I recently wrote a post for the company I currently work for around the joys of doing TDD.
You can check it out here.
What is your current approach to testing?
How can you spend the little time you have on the most important areas?
I thought I’d share some thoughts around where I see the optimal areas to invest your test effort.
I got to thinking last night, and when I was asleep.
We are putting too much effort into our UI, UA and system tests.
We are writing to many of them, thus we’re creating a top heavy test structure that will sooner or later topple.
These tests have their sweet spot, but they are slow, fragile and time consuming to write.
We should have a small handful for each user story to provide some UA, and the rest should be without the UI and database (the slow and fragile bits).
We need to get our mind sets lower down the test triangle.
I’ll try and explain why we should be doing less Manual tests, followed by GUI tests, followed by UA tests, followed by integration tests, followed by Unit tests.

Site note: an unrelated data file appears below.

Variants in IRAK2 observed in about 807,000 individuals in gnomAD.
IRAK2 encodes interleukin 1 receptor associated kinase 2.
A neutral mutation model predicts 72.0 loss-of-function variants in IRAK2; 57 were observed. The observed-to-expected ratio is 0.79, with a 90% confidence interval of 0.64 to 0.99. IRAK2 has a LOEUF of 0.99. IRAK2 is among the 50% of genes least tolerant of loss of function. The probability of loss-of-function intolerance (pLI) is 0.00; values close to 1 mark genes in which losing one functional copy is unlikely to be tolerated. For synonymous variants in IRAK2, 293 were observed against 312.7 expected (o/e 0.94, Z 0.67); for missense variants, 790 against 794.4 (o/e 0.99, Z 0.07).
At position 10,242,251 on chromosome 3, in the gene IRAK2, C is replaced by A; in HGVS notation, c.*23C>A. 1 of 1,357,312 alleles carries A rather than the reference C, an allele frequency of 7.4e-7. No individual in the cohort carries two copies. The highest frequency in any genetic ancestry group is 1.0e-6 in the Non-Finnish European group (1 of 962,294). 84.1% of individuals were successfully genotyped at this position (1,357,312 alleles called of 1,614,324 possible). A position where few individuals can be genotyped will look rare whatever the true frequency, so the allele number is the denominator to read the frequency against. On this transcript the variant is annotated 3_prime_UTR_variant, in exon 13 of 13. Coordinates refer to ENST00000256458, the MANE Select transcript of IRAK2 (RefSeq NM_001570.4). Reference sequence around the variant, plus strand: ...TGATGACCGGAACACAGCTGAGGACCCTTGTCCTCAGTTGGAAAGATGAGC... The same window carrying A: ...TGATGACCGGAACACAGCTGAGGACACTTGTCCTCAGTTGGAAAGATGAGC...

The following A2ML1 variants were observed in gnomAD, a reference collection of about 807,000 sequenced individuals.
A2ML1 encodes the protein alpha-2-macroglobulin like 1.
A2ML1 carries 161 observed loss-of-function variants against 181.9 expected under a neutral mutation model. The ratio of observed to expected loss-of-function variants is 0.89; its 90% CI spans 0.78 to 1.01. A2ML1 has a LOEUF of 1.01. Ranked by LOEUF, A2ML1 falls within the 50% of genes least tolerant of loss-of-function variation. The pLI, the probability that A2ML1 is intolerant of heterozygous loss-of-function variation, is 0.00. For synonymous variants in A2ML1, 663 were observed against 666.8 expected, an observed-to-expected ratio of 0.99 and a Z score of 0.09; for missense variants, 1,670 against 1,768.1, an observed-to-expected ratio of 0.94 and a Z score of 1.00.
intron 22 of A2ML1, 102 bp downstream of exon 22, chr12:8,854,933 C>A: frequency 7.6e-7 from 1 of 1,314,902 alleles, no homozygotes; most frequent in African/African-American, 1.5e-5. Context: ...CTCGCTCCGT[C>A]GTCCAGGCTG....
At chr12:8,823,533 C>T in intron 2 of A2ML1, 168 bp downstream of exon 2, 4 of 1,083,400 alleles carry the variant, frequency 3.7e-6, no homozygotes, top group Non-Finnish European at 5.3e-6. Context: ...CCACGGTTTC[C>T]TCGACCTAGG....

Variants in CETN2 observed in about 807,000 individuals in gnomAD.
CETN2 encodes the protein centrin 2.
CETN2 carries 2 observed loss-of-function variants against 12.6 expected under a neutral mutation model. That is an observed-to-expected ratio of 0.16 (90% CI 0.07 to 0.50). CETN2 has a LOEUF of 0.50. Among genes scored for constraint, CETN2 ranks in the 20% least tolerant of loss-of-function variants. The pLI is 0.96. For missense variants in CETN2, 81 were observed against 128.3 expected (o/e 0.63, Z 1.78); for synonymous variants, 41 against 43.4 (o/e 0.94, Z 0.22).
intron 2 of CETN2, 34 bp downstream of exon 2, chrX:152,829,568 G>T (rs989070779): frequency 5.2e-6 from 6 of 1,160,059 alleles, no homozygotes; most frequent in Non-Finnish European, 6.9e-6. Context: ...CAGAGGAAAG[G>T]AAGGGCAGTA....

Try not to test the UI with the lower architectural layers included in the tests.
UI tests should have the lower layers mocked and / or stubbed.
Check out Dummy vs Fake vs Stub vs Mock
Full end to end system tests are not required to validate UI field constraints.
Dependency injection really helps us here.
When you are explicitly testing the upper levels of the test triangle, the lower / immediate lower layers are implicitly being tested.
So you might think, cool, if we invest in the upper layers, we implicitly cover the lower layers.
That’s right, but the disadvantages of the higher level tests outweigh the advantages.
UI tests and especially ones that go from end to end, should be avoided, or very few in number,